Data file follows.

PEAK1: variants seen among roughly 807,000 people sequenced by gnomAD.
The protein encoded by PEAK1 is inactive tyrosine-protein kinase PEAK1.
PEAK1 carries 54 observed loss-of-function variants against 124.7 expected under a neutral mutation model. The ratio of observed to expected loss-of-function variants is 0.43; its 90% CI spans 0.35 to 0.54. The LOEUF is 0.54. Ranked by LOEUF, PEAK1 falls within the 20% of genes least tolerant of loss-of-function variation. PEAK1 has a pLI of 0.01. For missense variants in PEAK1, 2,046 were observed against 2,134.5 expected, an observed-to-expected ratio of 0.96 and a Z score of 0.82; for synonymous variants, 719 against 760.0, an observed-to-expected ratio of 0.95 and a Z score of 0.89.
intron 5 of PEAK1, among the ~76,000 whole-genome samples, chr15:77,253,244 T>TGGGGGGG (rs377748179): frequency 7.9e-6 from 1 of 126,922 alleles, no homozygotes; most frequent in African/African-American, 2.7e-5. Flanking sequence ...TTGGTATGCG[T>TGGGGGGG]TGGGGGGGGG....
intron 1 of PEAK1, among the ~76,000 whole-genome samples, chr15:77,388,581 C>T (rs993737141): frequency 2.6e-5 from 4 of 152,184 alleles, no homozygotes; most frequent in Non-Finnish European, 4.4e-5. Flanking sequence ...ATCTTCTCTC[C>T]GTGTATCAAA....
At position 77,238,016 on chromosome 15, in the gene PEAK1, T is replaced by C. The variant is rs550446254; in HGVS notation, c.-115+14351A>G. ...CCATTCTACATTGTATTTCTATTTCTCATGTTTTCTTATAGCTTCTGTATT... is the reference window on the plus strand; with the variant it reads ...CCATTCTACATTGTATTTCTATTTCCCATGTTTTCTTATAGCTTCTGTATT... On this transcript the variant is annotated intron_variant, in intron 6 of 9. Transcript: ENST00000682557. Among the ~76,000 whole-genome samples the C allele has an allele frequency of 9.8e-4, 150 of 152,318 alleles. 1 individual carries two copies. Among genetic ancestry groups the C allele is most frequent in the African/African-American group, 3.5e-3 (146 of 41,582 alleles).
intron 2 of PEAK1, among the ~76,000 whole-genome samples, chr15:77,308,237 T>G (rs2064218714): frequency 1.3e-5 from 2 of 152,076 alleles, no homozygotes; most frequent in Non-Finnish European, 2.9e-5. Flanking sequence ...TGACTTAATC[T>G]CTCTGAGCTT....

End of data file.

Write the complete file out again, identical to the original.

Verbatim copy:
PEAK1: variants seen among roughly 807,000 people sequenced by gnomAD.
The protein encoded by PEAK1 is inactive tyrosine-protein kinase PEAK1.
PEAK1 carries 54 observed loss-of-function variants against 124.7 expected under a neutral mutation model. The ratio of observed to expected loss-of-function variants is 0.43; its 90% CI spans 0.35 to 0.54. The LOEUF is 0.54. Ranked by LOEUF, PEAK1 falls within the 20% of genes least tolerant of loss-of-function variation. PEAK1 has a pLI of 0.01. For missense variants in PEAK1, 2,046 were observed against 2,134.5 expected, an observed-to-expected ratio of 0.96 and a Z score of 0.82; for synonymous variants, 719 against 760.0, an observed-to-expected ratio of 0.95 and a Z score of 0.89.
intron 5 of PEAK1, among the ~76,000 whole-genome samples, chr15:77,253,244 T>TGGGGGGG (rs377748179): frequency 7.9e-6 from 1 of 126,922 alleles, no homozygotes; most frequent in African/African-American, 2.7e-5. Flanking sequence ...TTGGTATGCG[T>TGGGGGGG]TGGGGGGGGG....
intron 1 of PEAK1, among the ~76,000 whole-genome samples, chr15:77,388,581 C>T (rs993737141): frequency 2.6e-5 from 4 of 152,184 alleles, no homozygotes; most frequent in Non-Finnish European, 4.4e-5. Flanking sequence ...ATCTTCTCTC[C>T]GTGTATCAAA....
At position 77,238,016 on chromosome 15, in the gene PEAK1, T is replaced by C. The variant is rs550446254; in HGVS notation, c.-115+14351A>G. ...CCATTCTACATTGTATTTCTATTTCTCATGTTTTCTTATAGCTTCTGTATT... is the reference window on the plus strand; with the variant it reads ...CCATTCTACATTGTATTTCTATTTCCCATGTTTTCTTATAGCTTCTGTATT... On this transcript the variant is annotated intron_variant, in intron 6 of 9. Transcript: ENST00000682557. Among the ~76,000 whole-genome samples the C allele has an allele frequency of 9.8e-4, 150 of 152,318 alleles. 1 individual carries two copies. Among genetic ancestry groups the C allele is most frequent in the African/African-American group, 3.5e-3 (146 of 41,582 alleles).
intron 2 of PEAK1, among the ~76,000 whole-genome samples, chr15:77,308,237 T>G (rs2064218714): frequency 1.3e-5 from 2 of 152,076 alleles, no homozygotes; most frequent in Non-Finnish European, 2.9e-5. Flanking sequence ...TGACTTAATC[T>G]CTCTGAGCTT....